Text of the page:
Security Council backs resolution calling for urgent humanitarian pauses in Gaza

15 November 2023, 21:24

Palestinians displaced by the Israeli bombardment of the Gaza Strip have gathered at a tent camp in Khan Younis
Israel Palestinians. Picture: PA

The vote was 12-0 with the US, UK and Russia abstaining.

The UN Security Council has approved a resolution calling for “urgent and extended humanitarian pauses and corridors throughout the Gaza Strip” after four failed attempts to respond to the Israel-Hamas war.

The vote was 12-0 with the US, UK and Russia abstaining.

The final draft watered down language from a “demand” to a “call” for humanitarian pauses.

It also watered down a demand for “the immediate and unconditional release of all hostages held by Hamas and other groups”.

The resolution makes no mention of a ceasefire.

It also does not refer to Hamas’s surprise attack on Israel on October 7, during which the militants killed around 1,200 people and took some 240 others hostage.

Nor does it cite Israel’s retaliatory air strikes and ground offensive in Hamas-ruled Gaza, which Gaza’s health ministry says has killed more than 11,000 Palestinians, two thirds of them women and children.

Russia proposed an amendment to the resolution before the vote that would have called for durable humanitarian pauses leading to a ceasefire. But it was rejected by a vote of 5-1 with nine abstentions because it failed to get the minimum nine “yes” votes.

But the resolution, sponsored by Malta, did bring the 15 members of the UN’s most powerful body together in a first response to the ongoing war that is having catastrophic humanitarian consequences in Gaza.

The resolution asks that “all parties comply with their obligations under international law, notably with regard to the protection of civilians, especially children”.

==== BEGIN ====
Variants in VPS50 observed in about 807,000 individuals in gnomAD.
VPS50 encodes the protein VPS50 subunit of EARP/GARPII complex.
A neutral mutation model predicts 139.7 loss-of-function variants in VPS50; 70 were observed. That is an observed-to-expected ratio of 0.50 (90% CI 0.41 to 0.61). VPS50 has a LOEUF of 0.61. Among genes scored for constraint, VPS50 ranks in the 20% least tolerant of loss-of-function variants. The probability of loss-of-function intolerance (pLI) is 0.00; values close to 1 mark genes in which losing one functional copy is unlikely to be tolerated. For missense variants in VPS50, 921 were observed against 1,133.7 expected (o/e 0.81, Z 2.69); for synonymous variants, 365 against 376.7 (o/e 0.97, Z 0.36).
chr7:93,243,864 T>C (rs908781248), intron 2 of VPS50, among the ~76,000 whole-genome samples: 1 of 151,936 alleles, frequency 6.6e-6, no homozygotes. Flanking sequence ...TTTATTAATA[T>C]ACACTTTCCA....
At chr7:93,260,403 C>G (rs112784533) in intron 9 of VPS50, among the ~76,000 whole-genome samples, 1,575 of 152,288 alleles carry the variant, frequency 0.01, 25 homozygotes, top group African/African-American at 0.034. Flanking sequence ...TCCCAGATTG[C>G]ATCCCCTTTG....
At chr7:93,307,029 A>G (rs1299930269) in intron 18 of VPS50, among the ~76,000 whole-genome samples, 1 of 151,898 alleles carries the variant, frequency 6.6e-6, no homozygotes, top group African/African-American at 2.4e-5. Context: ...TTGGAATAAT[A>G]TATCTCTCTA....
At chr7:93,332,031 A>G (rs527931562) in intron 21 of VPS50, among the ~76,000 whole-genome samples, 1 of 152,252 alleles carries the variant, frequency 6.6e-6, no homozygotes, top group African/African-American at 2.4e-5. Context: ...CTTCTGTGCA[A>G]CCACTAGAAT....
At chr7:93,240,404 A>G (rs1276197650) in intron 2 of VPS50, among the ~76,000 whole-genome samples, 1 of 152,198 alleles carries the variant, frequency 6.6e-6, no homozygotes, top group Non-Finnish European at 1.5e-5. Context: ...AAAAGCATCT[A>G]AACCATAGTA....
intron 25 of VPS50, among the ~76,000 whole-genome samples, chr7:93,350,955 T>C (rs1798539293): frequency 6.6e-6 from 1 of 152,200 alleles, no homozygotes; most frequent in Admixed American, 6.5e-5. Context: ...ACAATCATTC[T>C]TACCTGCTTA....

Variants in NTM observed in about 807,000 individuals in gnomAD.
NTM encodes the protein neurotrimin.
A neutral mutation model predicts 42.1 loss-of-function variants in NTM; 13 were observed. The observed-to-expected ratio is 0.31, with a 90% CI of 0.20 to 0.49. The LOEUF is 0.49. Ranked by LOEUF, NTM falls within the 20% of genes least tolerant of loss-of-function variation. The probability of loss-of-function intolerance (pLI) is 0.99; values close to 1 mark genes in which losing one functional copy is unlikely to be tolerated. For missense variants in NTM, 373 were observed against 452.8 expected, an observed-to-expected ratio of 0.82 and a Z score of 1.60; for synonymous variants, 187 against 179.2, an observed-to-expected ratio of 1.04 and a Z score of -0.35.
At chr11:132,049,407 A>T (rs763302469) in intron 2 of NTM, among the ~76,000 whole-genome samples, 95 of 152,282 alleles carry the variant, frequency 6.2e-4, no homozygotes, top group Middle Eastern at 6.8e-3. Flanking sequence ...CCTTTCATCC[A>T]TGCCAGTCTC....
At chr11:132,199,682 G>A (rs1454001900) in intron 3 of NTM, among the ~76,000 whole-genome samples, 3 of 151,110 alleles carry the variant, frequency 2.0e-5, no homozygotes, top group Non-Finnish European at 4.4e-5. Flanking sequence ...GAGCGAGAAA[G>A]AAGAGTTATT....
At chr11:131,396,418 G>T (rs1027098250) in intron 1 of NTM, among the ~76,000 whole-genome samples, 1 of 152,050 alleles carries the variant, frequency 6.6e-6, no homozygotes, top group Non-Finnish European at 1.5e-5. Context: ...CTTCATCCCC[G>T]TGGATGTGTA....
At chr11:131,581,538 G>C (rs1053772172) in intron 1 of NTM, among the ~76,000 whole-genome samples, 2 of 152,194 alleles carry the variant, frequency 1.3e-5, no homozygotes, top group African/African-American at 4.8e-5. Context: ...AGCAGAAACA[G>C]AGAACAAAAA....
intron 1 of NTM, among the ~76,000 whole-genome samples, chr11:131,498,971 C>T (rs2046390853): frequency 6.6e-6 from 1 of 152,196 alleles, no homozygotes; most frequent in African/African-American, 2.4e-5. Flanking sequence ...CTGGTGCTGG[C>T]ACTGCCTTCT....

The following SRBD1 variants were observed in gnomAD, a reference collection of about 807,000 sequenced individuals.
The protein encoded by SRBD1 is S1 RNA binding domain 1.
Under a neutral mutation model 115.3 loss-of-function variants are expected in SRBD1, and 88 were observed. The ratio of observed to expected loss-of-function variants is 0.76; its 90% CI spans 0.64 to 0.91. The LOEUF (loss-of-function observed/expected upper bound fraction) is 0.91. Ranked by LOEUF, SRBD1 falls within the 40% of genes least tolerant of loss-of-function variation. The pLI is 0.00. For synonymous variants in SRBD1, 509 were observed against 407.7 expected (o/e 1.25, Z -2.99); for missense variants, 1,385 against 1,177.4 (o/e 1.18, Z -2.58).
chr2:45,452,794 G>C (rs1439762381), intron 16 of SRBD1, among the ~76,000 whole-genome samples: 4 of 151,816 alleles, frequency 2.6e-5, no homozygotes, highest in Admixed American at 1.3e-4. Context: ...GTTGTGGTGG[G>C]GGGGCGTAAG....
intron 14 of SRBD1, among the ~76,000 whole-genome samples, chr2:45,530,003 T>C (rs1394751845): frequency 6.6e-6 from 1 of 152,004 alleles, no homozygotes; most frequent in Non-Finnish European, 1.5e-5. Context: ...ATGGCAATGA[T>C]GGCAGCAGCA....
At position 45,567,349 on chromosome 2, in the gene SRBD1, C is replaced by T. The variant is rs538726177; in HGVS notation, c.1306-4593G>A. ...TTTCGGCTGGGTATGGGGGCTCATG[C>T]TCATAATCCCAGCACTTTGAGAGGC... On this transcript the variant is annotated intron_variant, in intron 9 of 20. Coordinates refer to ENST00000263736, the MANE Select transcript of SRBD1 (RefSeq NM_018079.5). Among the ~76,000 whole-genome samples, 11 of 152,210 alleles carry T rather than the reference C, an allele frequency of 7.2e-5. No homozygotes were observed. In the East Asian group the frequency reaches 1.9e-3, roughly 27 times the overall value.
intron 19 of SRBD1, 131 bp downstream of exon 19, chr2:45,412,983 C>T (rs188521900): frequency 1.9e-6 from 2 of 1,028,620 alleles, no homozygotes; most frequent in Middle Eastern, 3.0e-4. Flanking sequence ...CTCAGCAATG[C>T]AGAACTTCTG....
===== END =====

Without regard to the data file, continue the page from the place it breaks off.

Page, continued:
Palestinians in a tent camp in Khan Younis
Palestinians in a tent camp in Khan Younis (Fatima Shbair/AP)

UN Security Council resolutions are legally binding, but in practice many parties choose to ignore the council’s requests for action.

Richard Gowan, UN director for the International Crisis Group, said the Security Council has called for ceasefires in wars from the Balkans to Syria “with little or no impact”.

The Security Council, which has the responsibility for maintaining international peace and security, has been paralysed since the war began by its internal divisions.

This is especially the case between China and Russia, which want an immediate ceasefire, and the US, which has called for humanitarian pauses but objects to any mention of a ceasefire, which its close ally Israel strongly opposes.

The resolution calls for humanitarian pauses and corridors throughout the Gaza Strip for a “sufficient number of days” for unhindered access by the UN, Red Cross and other aid groups to get water, electricity, fuel, food and medical supplies to all those in need.

It says the pauses also should allow for the repair of essential infrastructure and enable urgent rescue and recovery efforts.

In the four previous tries for Security Council approval, a Brazil-drafted resolution was vetoed by the US, a US-drafted resolution was vetoed by Russia and China and two Russian-drafted resolutions failed to get the minimum “yes” votes.

After the fourth failure, frustrated Arab nations turned to the 193-member General Assembly and succeeded in getting wide approval for a resolution calling for a “humanitarian truce” in Gaza meant to lead to a cessation of hostilities between Israel and Hamas.

It was the first United Nations response to the war. But unlike Security Council resolutions, General Assembly resolutions are not legally binding, though they are a barometer of world opinion.

The vote was 120-14 with 45 abstentions. Of the five veto-holding Security Council members, Russia, China and France voted in favour, the United States voted against and Britain abstained.

The General Assembly resolution was adopted on October 27, and Israel agreed on November 9 to four-hour pauses. But only very limited aid has been delivered to Gaza through the Rafah crossing from Egypt, and a humanitarian catastrophe has been brewing.

Mr Gowan said US opposition to a ceasefire “is a gift that keeps on giving for Russia diplomatically”.

He said that while many diplomats think Russia is demanding a ceasefire “for largely cynical reasons to make the Americans look bad”, Moscow’s position “is closer to the mainstream of council thinking, and the US looks isolated”.

“A UN ceasefire call would embarrass but not really constrain the Israelis,” he said. “But the US clearly feels that even such a symbolic move is too much of a political risk.”

By Press Association

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